Fatboy Slim: Well, what’s changed is the way we play it. It’s become a lot easier to access music and to mix it. So it’s not about your DJing skills as in terms of your mixing the records any more. A machine could do that for you. But it’s still about picking the right tunes, and when you’re DJing, it’s about communicating with the audience. That’s all it’s about.
It’s inviting them into your world of nonsense, and them in turn inviting you into their own world of nonsense, and it becomes a reciprocal thing – they make me feel stupid, and I make them act stupid and that makes me feel stupid – that’s the only thing really you have to remember.
You’re playing the records you love, to them, to turn them on. And it doesn’t matter what software you’re using, or whether you’re playing vinyl or whether you’re good at mixing or not. It’s just about whether you’re communicating with the crowd.
And if, like you said, you were just shouting at the crowd and playing the latest pop hits, that’s one way of doing it. I like to take people on a journey, take them to a tough place but then just hit them with the hook line, a pop record or something, and they’re just like, “Really?” So it’s sort of “thump and wave”. That’s my way of doing it.
But no, whatever your way of doing it, and whatever style of music, and whether you’re sort of moody or underground or leaping around like a loony, it’s all about the love of music and communicating with your crowd so you’re all having the party together. You’re not the big star, and they’re not the punters.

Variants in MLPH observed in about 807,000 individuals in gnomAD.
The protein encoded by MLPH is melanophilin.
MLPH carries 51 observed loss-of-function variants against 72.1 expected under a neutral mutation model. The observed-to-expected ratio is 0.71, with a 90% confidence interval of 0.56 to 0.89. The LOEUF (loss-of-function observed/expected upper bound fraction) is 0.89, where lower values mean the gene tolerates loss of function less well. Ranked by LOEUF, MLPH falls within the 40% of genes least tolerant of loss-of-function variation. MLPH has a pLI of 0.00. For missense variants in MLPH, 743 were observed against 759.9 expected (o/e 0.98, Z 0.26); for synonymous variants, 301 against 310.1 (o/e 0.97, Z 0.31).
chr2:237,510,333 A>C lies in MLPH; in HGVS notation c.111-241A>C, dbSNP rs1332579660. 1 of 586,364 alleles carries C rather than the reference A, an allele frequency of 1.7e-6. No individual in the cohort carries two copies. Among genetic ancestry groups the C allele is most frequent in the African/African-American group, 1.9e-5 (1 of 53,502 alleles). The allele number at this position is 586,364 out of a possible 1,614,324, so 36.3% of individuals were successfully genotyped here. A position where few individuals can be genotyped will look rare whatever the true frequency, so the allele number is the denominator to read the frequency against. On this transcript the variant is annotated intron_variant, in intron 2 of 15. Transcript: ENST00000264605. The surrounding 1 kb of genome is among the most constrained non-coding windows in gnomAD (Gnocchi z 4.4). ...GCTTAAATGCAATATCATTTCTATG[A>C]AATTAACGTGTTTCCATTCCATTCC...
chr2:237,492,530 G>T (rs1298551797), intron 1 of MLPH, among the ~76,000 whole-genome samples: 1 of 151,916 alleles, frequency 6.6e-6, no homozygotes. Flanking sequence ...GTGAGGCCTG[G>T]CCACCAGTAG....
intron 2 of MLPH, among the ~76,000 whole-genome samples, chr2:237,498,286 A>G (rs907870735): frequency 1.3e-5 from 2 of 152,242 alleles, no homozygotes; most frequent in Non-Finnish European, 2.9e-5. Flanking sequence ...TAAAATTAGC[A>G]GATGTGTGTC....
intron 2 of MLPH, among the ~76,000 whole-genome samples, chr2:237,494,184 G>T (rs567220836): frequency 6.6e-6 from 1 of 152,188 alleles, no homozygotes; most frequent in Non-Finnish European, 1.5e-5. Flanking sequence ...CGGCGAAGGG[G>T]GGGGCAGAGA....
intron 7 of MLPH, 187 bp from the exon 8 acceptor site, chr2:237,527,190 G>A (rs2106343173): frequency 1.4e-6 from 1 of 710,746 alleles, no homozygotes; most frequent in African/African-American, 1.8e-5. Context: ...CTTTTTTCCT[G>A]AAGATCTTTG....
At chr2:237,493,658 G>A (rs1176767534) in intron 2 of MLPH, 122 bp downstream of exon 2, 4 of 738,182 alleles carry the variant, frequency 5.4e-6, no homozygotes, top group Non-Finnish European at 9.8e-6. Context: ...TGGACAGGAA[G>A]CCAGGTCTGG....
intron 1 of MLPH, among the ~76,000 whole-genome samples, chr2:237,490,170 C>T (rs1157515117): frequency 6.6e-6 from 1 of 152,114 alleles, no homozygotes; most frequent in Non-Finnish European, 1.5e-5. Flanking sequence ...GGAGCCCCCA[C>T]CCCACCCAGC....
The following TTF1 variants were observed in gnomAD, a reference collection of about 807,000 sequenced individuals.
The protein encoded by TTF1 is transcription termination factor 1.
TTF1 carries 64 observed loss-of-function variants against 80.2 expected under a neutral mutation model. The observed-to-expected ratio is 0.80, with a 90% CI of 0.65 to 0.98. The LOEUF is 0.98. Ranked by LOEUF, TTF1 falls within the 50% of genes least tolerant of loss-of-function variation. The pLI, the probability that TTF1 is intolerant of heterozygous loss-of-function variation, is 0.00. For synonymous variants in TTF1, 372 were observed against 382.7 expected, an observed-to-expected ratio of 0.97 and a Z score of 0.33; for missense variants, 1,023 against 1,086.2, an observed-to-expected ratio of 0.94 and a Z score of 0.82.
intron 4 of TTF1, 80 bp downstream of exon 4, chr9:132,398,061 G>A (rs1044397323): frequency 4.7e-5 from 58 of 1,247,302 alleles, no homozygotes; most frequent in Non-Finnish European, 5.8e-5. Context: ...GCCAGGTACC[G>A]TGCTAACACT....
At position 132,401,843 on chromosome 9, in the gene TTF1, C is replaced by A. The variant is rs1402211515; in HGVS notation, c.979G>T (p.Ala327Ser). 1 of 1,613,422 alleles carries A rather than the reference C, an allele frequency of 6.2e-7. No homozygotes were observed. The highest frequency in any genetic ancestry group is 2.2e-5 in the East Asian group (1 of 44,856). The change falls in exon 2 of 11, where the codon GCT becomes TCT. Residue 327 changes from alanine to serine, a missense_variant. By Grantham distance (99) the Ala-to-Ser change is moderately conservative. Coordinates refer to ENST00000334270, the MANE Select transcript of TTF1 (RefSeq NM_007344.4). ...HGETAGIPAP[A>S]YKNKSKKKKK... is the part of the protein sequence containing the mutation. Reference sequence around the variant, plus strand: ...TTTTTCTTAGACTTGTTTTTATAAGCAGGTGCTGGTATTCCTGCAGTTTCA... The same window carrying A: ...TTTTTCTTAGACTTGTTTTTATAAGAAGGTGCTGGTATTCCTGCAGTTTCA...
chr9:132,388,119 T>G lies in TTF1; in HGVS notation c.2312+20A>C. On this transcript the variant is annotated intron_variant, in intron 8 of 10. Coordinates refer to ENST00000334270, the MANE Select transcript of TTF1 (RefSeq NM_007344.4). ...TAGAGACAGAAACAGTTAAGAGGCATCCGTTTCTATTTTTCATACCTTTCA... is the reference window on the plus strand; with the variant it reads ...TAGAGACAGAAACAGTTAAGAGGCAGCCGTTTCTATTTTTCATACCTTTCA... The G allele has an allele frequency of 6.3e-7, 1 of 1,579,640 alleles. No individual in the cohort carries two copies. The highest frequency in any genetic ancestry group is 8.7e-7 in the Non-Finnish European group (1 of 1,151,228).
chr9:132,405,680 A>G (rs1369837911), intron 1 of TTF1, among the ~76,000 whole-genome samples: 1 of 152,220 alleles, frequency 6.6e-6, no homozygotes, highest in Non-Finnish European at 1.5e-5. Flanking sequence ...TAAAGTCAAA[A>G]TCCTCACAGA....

Phil Morse: That’s fantastic to hear. So really, everything’s changed but nothing’s changed?
Fatboy Slim: Yeah! I mean, the way we do it has changed, the amount of people we do it to, thankfully, has changed, and the way we’re treated, and we get dressing rooms and monitors, you know? I mean, when I started DJing, you had to really fight to have a monitor speaker…
Phil Morse: A quick tweak of the record spindle to keep everything in time…
Fatboy Slim: Yeah, yeah. But while those things have changed, the sum of it is timeless. Young people will always want to go out, get high and get laid, so that’s always been the most primeval thing about it. That’s it, that’s 40 years of experience!
Phil Morse: Well, I think that’s a great way to wind this up. Thank you very much for your time, and have a great gig here in Digital DJ Tips’ home country of Gibraltar!